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Scottish Environment, Food and Agriculture Research Institutes (SEFARI) fellowship Blog - 3 August 2020

Scottish arable production and climate change.  A blog by Dr Gemma Miller, the Scottish Environment, Food and Agriculture Research Institutes (SEFARI) fellowship with NFU Scotland.

The factsheet that accompanies this blog, entitled: ‘What are impacts of Scottish arable production on climate change?’ is available at: https://www.nfus.org.uk/policy/environment-and-land-use/sefari-fellowship.aspx

Winters in Scotland are predicted to become warmer and wetter due to climate change. For winter fallow fields, these conditions can lead to increased nitrogen (N) loss through leaching and nitrous oxide (N2O) emissions, as well as soil carbon loss due to increased decomposition and erosion. Cover crops can help mitigate these problems, and are becoming more popular in the UK1. So, what are the benefits of cover crops? And are they a practical option for Scottish arable farmers?



The terms ‘cover crop’ and ‘green manure’ are often used interchangeably, and here I will use cover crop to encompass both. However, the main purpose of a cover crop is to prevent the loss of nutrients from arable soils over winter months and green manures are generally grown with the specific purpose of improving soil structure and health.

As well as helping prevent soil erosion2 and improving soil structure3, cover crops can reduce indirect N2O emissions (emissions from leached nitrates or deposited ammonia). Non-legume cover crops can prevent nitrate leaching4 by holding the N in the plant biomass over winter and then releasing it back to the soil when it is incorporated. This also reduces the requirement for inorganic fertiliser in the subsequent cash crop.

Legume cover crops or leys have the benefit of being able to ‘fix’ atmospheric N. Legumes have a symbiotic relationship with soil bacteria (rhizobia) which live in nodules on the plant’s roots. The bacteria can convert N gas from the atmosphere into ammonia, which the plant can absorb, and in return, the plant provides the bacteria with carbohydrates. In this way, the cover crop is adding additional N to soil on incorporation.

However, the uptake of N by over-winter cover crops may be low due to the short daylength. One study found that naturally regenerating vegetation was just as effective5 at capturing soil N as a non-legume cover crop. There may also be a carbon sequestration benefit as biomass is incorporated into the soil. The extent of carbon sequestration will depend on the soil type and management practices. The net effect of cover crops on the greenhouse gas balance of arable land in Scotland is uncertain as there have been few studies either in Scotland or the UK.

Due to the cooler climate and later harvest in Scotland (e.g. winter wheat may not be harvested until early September), there is less time available to establish cover crops before winter and low temperatures in the winter period can kill off more sensitive species. However, it may be possible to under-sow cereal crops with a cover crop before harvest if it is chosen carefully to minimise competition with the main crop for water and nutrients.

Suitable cover crops for Scotland include fodder radish, mustard, ryegrass, and various clover species. The choice of cover crop species will depend on what the purpose of the cover crop is (e.g. to improve soil organic matter, soil structure, nutrient retention or weed control), on the planned following cash crop, and the timing of cover crop establishment.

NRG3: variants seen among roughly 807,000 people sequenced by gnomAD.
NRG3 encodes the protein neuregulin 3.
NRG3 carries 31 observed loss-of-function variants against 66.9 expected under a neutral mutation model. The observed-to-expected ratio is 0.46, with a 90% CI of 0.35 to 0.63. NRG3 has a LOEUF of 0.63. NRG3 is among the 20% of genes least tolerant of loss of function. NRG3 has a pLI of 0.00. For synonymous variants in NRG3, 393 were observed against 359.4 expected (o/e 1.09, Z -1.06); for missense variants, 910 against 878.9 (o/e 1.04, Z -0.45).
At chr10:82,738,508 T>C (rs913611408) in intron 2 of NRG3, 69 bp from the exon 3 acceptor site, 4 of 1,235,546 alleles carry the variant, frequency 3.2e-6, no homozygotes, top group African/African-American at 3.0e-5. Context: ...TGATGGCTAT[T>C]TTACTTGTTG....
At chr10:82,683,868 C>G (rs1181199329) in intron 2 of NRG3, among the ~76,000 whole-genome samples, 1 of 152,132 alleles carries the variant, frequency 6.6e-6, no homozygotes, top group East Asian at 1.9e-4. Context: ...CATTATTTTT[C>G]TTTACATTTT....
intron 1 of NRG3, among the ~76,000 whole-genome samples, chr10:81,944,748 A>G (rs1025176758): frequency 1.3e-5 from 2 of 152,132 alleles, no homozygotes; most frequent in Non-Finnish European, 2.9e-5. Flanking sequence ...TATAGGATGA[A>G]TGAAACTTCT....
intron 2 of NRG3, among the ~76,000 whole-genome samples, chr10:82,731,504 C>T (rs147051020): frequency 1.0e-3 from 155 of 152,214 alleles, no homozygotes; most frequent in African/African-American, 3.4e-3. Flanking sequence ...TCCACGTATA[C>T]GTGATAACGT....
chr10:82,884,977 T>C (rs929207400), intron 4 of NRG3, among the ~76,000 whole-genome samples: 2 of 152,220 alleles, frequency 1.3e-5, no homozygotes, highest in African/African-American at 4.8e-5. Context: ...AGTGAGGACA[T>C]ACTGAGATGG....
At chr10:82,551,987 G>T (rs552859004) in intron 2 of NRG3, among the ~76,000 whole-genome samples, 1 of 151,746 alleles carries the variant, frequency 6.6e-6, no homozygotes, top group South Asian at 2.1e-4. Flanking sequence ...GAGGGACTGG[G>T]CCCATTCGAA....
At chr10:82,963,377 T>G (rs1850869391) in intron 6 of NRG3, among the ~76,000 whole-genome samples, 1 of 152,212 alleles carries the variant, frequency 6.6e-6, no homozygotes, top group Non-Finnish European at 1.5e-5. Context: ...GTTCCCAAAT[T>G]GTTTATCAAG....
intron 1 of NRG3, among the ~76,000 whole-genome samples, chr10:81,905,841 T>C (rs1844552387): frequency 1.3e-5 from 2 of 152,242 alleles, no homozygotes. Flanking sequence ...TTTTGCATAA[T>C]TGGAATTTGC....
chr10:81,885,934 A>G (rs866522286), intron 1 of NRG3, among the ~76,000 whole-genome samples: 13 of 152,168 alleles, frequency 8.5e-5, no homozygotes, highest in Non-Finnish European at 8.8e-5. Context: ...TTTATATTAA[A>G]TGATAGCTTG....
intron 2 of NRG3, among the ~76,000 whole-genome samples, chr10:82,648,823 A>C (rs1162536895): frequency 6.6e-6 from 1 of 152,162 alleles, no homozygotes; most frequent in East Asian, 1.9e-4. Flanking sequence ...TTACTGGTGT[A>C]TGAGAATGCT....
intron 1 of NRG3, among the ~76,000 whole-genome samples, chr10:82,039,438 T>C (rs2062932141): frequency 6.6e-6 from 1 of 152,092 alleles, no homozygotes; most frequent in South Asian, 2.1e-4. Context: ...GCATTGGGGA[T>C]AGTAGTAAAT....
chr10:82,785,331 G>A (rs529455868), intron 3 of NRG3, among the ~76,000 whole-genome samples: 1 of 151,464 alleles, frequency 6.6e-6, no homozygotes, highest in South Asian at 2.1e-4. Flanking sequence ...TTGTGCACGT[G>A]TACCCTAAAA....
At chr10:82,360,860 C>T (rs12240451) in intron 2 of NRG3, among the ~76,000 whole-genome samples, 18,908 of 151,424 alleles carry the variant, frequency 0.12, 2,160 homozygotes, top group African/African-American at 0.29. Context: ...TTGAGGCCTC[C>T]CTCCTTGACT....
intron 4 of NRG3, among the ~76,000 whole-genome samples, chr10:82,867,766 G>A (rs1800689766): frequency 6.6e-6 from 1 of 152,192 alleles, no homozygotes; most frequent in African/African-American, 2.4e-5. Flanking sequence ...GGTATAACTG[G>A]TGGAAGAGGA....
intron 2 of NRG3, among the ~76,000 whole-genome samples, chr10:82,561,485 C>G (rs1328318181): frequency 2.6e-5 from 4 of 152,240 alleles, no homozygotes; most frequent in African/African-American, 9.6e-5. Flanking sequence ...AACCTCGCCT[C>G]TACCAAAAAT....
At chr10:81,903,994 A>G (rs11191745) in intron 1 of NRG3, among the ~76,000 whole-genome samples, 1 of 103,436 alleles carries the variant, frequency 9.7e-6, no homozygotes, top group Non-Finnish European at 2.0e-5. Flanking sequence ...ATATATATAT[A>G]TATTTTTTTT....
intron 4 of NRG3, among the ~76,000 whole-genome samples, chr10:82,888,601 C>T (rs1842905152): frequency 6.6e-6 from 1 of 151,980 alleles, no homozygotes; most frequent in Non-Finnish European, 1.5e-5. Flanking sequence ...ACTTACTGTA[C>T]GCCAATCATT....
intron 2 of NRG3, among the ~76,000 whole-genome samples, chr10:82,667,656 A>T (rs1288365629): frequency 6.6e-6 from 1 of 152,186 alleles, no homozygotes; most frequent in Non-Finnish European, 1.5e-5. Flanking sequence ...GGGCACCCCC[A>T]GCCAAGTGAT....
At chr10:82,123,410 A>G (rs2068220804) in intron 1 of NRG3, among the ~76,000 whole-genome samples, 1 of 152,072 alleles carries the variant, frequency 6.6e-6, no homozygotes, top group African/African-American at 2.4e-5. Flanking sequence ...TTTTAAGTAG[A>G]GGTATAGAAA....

Most of the research on the greenhouse gas and wider benefits of sowing cover crops have been conducted on organic or highly fertile soils. Studies on a wide variety of soil types in Scotland are needed to improve our understanding of the benefits and suitability of cover crops. However, based on current knowledge, it is likely that cover crops will provide benefits in terms of increased retention of nutrients and improved soil conditions, so more widespread adoption is actively encouraged.

I would like to thank Professor Bob Rees (SRUC) and Dr Cathy Hawes (JHI) for reviewing and making helpful suggestions on this blog and the accompanying factsheet.

As this is the last in this series of blogs, I would also like to thank my SEFARI colleagues Dr Philip Skuce (Moredun), Dr Charles Bestwick (The Rowett Institute) and Dr Michael Macleod (SRUC), as well as Ruth Taylor, Martin Kennedy and Jonathan Hall (NFUS) for their support and advice throughout this SEFARI Fellowship with NFU Scotland.

References

1 Starr et al (2019) A UK survey of the use and management of cover crops. Annals of Applied Biology 174:179-189

2 Abdalla et al (2019) A critical review of the impacts of cover crops on nitrogen leaching, net greenhouse gas balance and crop productivity. Global Change Biology 25:2530-2543

3 Chen et al (2014) Effects of compaction and cover crops on soil least limiting water range and air permeability. Soil and Tillage Research 136:61-69

4 Cooper et al (2017) Assessing the farm-scale impacts of cover crops and non-inversion tillage regimes on nutrient losses from an arable catchment. Agriculture, Ecosystems & Environment 237:181-193

5 Baggs et al (2000) The fate of nitrogen from incorporated cover crops and green manure residues. Nutrient Cycling in Agroecosystems 56:153-163

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Dunnydeer Farms

5 days ago

It would appear that pre- harvest Roundup May lead to higher release of N2O over the winter than having a green regeneration in the stubble.
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